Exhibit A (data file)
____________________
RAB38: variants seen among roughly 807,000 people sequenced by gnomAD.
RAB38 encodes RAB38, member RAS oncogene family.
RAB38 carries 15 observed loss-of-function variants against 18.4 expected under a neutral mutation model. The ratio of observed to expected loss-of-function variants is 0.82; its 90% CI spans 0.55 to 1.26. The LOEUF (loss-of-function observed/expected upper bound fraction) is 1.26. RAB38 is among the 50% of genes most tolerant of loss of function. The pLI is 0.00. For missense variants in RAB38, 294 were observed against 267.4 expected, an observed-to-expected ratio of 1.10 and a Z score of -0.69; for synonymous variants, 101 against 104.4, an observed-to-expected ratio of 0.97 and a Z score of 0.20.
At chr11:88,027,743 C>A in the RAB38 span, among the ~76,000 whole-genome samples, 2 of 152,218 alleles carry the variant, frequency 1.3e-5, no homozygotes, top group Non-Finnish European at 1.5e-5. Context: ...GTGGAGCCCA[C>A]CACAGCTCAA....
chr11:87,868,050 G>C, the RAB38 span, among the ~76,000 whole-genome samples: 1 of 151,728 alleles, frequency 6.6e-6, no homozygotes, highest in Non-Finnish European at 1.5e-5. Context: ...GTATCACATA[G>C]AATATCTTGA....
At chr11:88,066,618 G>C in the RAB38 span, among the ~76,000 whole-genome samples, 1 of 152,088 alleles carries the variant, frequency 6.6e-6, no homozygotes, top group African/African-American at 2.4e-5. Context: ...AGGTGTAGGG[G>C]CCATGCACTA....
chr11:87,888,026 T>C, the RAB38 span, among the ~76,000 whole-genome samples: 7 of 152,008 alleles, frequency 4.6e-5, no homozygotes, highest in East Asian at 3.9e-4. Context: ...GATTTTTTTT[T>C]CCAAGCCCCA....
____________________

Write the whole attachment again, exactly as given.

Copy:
RAB38: variants seen among roughly 807,000 people sequenced by gnomAD.
RAB38 encodes RAB38, member RAS oncogene family.
RAB38 carries 15 observed loss-of-function variants against 18.4 expected under a neutral mutation model. The ratio of observed to expected loss-of-function variants is 0.82; its 90% CI spans 0.55 to 1.26. The LOEUF (loss-of-function observed/expected upper bound fraction) is 1.26. RAB38 is among the 50% of genes most tolerant of loss of function. The pLI is 0.00. For missense variants in RAB38, 294 were observed against 267.4 expected, an observed-to-expected ratio of 1.10 and a Z score of -0.69; for synonymous variants, 101 against 104.4, an observed-to-expected ratio of 0.97 and a Z score of 0.20.
At chr11:88,027,743 C>A in the RAB38 span, among the ~76,000 whole-genome samples, 2 of 152,218 alleles carry the variant, frequency 1.3e-5, no homozygotes, top group Non-Finnish European at 1.5e-5. Context: ...GTGGAGCCCA[C>A]CACAGCTCAA....
chr11:87,868,050 G>C, the RAB38 span, among the ~76,000 whole-genome samples: 1 of 151,728 alleles, frequency 6.6e-6, no homozygotes, highest in Non-Finnish European at 1.5e-5. Context: ...GTATCACATA[G>C]AATATCTTGA....
At chr11:88,066,618 G>C in the RAB38 span, among the ~76,000 whole-genome samples, 1 of 152,088 alleles carries the variant, frequency 6.6e-6, no homozygotes, top group African/African-American at 2.4e-5. Context: ...AGGTGTAGGG[G>C]CCATGCACTA....
chr11:87,888,026 T>C, the RAB38 span, among the ~76,000 whole-genome samples: 7 of 152,008 alleles, frequency 4.6e-5, no homozygotes, highest in East Asian at 3.9e-4. Context: ...GATTTTTTTT[T>C]CCAAGCCCCA....